Karnataka Lok Sabha Polls: Three women candidates this time

Karnataka Lok Sabha Polls: Three women candidates this time
Highlights

Women contenders believe that there is no deficiency of winners among them even though the parties claim that the ability to win is the ultimate situation during an election.

The projected 33% reservation for women was first presented in Parliament in 1996. It's been two decades and five elections, and yet the bill, which suggested to reserve for women 33% of all seats in the Lok Sabha and in all state legislative assemblies, has seemingly disappeared from the minds of political parties in Karnataka and, with it, all determined to provide reasonable representation for women in government.

The BJP, JD(S) and Congress, which are the three main parties in the state, have released their lists of candidates which has made it very clear that the political field will continue to be male subjugated yet again in 2019.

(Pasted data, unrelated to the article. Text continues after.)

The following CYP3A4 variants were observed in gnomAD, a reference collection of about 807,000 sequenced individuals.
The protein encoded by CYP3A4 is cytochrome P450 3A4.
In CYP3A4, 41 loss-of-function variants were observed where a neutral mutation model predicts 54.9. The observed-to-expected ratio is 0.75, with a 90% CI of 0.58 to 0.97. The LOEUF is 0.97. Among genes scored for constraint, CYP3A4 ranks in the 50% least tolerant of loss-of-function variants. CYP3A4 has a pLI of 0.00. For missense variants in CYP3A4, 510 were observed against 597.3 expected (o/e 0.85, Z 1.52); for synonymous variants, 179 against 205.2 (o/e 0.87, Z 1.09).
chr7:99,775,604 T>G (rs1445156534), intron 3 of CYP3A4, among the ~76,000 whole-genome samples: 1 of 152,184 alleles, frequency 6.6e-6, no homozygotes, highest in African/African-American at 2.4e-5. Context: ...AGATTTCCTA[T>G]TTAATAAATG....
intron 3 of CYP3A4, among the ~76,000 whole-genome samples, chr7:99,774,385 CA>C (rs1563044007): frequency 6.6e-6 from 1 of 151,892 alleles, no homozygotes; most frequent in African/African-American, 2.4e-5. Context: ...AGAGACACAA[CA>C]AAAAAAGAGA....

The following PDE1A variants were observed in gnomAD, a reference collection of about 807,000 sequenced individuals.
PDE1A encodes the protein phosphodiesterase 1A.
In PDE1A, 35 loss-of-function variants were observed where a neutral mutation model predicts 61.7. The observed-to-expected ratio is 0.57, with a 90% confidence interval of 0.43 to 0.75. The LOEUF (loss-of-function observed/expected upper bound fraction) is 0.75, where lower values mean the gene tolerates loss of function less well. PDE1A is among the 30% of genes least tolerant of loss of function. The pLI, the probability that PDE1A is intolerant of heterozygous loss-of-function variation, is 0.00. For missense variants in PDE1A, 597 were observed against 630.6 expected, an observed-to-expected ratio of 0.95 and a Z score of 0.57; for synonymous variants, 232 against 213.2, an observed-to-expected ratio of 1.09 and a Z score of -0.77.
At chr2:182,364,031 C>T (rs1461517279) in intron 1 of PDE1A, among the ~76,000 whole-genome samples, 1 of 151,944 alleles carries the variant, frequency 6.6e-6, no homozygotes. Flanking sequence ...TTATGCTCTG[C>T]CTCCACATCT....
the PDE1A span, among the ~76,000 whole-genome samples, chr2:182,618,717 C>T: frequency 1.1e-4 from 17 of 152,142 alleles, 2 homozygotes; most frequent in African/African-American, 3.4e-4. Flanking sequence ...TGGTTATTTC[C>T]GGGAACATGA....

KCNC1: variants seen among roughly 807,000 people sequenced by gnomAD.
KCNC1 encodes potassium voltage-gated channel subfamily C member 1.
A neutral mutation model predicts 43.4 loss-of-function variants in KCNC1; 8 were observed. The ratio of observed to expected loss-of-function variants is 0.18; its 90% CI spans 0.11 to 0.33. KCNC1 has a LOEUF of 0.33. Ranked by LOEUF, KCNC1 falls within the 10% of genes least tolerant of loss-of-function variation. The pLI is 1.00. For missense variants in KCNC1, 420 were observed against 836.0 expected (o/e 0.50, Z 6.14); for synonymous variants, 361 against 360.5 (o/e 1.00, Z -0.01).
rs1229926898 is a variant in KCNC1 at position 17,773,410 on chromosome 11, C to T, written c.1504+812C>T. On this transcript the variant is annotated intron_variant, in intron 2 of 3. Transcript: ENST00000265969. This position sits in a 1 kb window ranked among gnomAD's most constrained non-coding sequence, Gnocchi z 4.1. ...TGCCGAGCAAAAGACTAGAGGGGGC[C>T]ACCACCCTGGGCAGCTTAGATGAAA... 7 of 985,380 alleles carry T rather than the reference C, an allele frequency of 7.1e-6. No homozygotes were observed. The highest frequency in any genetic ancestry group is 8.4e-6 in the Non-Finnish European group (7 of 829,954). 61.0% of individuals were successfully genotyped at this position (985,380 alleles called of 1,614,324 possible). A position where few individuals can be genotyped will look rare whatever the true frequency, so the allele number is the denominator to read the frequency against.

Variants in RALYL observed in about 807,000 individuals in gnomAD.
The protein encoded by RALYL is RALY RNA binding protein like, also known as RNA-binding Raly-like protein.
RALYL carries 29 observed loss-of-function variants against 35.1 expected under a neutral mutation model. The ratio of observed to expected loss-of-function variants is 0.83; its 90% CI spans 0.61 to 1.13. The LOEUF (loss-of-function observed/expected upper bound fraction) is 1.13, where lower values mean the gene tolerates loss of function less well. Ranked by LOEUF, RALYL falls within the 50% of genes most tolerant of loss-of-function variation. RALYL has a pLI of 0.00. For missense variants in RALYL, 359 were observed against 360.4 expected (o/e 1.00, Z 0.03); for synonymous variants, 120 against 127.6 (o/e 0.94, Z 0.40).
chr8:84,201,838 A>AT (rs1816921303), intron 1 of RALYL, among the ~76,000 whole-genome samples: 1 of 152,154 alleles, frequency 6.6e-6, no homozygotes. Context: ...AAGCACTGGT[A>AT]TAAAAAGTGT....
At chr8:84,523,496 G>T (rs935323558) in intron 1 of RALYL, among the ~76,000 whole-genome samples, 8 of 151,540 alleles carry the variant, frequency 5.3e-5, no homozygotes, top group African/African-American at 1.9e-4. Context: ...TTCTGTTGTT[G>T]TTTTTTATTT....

The parties have indeed given 'equal representation' to women, although only in that each has named a solo woman candidate for the general election.

While the Congress has named beginner Veena Kashappanavar from Bagalkot and the JD(S) Sunitha Chavan from Vijayapura constituency, the BJP has fielded incumbent Udupi-Chikkamagaluru MP Shobha Karandlaje from the same constituency.

The fourth prominent woman, Sumalatha Ambareesh, is supported by the BJP but will contest as an independent from Mandya.

The best performance from Karnataka so far was in the last general election, when 11 of the 21 women contesting polls were from national parties and the JD(S).

The saffron outfit has also found itself in a precarious position by denying a ticket to late Union minister HN Ananth Kumar's wife Tejaswini. Over the past 19 years, the BJP has not covered itself in glory as far as providing gender parity in disbursal of tickets goes, with an average of only two tickets to women per Lok Sabha election.

Women contenders believe that there is no deficiency of winners among them even though the parties claim that the ability to win is the ultimate situation during an election.

"If I am elected, I too will try to influence policymakers to pass the bill," Tejaswini said. "Winnability is just an excuse that has been hurting women contenders. I would say change is needed in our society and political class. I am certain that this change will come about, slowly but surely," she added.

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